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The Poker Counselor's Corner (25)

The Poker Counselor's Corner (25) 0001

Editor's Note: In addition to being a poker enthusiast, gambling columnist, and lecturer, John is a National Certified Counselor (NCC). He has a Master of Arts degree in Counseling from West Virginia University, and a Bachelor's degree in Psychology with a minor in Sociology from Lock Haven University. You can arrange for interviews, speaking engagements, or ask your question to "the Poker Counselor" at

I play in a regular weekly game. One guy seems to have an amazingly great read on me. He seems to call me every time I am bluffing. When I raise with a good hand, he always folds. It happens too often to be dumb luck. I don't think I'm giving off tells, but this guy has my number and it drives me crazy. How do I beat him? - emailed by Keith from Arlington, VA

As many older guys do, my buddies and I often sit around and talk about the highlights of our high school sports days. We inter mix stories of poker bad beats with stories of our varsity glory days. One of my pals was the star of our basketball team. Although he'd regularly score over 20 points per game with his smooth jump shot and quick dribble-drives, I was always able to hold him nearly scoreless during practice. Since he and I had been playing basketball together since we were kids at the local playground, I "knew" him. I knew his style, his usual moves, and most importantly his mindset. After so many hours logged together on the basketball court, I was certain when he was likely to be looking for a 3 pointer versus when he wanted to streak towards the hoop. Since you've played so many hands against this single opponent at the poker table, he's grown to have such an instinctual feel for your game, as well.

Your ultimate goal should not be to beat this one opponent. Instead, you should thank him for pushing you to be better. Your goal is to be a better overall player. First, closely inspect yourself and your game to insure that you are not leaking a physical tell. Have a trusted poker-playing friend (if there is such a person) evaluate your play. Have them share any possible tells with you. If that does not produce any tells, you may not want to stop there. See if it is possible for you to videotape yourself during the home game. Like an NFL coach that must break-down game tape, harshly judge yourself and your play on your homemade tape.

Next, take the opportunity to talk with the opponent that "has your number." Your mission is to pick his brain, getting him to coach you on the apparent mistakes that he's been exploiting. This is not as tough of a task as you might think that it will be. He'll probably share his insights if you are able to swallow your pride. Basically, you have to stroke his ego by expressing your appreciation for his ability to read your play. Your small limit home game poker is more about competition than money. If you take the element of competition away by admitting that he has you beaten, he'll almost certainly help you improve your game. Most poker veterans find a certain satisfaction in leading a "student." The responsibility and thrill that he'll experience will offset the small financial wins that he might take from your chip stack. After some self-evaluation, some help from some friends, and some help from your opposition, you will be on your way to great poker improvements. Be sure to provide sincere thanks and give credit to those who've helped you along your trek.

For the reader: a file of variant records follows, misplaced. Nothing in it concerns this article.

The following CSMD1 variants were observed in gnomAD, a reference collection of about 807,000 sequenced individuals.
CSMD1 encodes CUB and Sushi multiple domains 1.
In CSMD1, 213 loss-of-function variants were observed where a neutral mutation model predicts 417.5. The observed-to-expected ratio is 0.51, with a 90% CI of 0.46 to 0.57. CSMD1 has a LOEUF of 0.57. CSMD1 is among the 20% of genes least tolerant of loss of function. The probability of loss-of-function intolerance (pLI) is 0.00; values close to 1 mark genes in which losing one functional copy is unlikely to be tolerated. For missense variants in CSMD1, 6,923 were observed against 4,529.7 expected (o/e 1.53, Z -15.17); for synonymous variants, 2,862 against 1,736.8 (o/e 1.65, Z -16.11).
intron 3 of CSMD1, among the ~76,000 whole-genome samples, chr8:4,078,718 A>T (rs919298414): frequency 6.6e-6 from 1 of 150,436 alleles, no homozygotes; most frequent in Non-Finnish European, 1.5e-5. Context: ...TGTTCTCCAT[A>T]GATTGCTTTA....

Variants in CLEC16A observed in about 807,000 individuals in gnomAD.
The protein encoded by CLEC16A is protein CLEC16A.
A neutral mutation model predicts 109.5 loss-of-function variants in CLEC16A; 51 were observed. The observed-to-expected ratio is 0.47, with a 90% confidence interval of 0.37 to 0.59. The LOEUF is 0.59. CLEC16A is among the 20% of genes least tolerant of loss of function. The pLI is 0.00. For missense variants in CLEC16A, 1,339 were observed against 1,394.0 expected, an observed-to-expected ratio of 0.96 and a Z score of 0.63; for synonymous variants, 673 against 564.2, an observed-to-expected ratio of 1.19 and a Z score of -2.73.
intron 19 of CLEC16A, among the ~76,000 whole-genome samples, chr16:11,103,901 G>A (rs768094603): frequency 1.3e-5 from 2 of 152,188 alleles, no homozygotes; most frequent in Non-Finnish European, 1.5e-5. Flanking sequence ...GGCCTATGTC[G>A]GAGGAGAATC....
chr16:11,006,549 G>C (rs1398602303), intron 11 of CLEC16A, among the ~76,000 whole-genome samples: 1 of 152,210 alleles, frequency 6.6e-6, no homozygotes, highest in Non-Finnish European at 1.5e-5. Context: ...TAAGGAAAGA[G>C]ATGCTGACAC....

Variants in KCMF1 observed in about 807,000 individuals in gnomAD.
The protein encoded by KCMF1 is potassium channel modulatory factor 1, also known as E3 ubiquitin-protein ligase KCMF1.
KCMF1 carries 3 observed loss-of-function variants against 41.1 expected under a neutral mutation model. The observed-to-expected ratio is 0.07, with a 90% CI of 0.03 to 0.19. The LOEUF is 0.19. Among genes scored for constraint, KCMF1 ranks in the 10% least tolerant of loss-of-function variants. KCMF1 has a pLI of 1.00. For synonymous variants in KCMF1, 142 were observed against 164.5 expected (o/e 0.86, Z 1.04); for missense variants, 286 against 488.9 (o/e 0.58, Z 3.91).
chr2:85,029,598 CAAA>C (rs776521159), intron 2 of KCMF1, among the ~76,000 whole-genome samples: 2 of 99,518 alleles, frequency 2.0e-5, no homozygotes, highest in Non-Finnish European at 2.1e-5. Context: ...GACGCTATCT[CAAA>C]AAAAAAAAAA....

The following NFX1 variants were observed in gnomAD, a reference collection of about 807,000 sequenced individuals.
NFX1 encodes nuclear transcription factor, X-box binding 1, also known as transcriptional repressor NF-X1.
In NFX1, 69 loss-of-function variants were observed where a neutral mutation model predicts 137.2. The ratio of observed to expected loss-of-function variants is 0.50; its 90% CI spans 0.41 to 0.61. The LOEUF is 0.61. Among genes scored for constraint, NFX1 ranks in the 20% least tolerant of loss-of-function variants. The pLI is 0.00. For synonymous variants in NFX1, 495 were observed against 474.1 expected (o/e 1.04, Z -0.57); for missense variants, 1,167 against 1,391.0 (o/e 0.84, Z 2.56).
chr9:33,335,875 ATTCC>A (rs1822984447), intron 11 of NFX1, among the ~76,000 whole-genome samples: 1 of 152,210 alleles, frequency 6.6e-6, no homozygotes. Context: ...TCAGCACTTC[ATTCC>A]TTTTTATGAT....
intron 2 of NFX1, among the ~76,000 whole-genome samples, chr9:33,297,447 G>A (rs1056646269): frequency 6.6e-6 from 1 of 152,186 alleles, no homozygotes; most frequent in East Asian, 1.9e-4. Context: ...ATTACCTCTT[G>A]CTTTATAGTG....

People seem to react in very unpredictable ways when they are busted out of a cash game or tournament. If I am still left playing while someone just busted out, what should I do? I mean, should I apologize if I took them out with a bad beat? Should I shake their hand, even if I didn't particularly like the guy? Should I try to shake his hand even if I wasn't involved in the final hand? - emailed by Brookings from Baltimore, MD

There is no exact protocol to the player exit. While some players storm off in an emotional tidal wave, other players accept their defeat with grace and understanding. Since there is a complete range of possible reactions to being knocked out of the game, knowing what to do and how to react is not a perfect science.

While many players quip that poker is not about making friends, there is no doubt that the social element of the game is part of its charm. Interacting with the players at your home game and regular card room is certainly a part of what makes the game so appealing. In other words, there is no real benefit in trying to make enemies at the table. On the other hand, there is no need to fret about dancing around the perfect way to console a player who's just lost.

My advice is to simply be sincere and understanding. Attempt to stay in control of yourself, so it does not appear that you are gloating or rubbing in your good fortunes. Extend a handshake in appreciation of their play. If the opponent has offended you in some manner, there is no need to feign sportsmanship by shaking their hand. The dishonesty is blatant with such an exercise. Instead, just go about stacking your chips and preparing for the next hand. If you've taken a player out by getting a lucky river card, apologizing about the bad beat is not necessary. You are not upset that you won, so don't pretend that you are!


Ed Note: Paradise Poker is where the action is.

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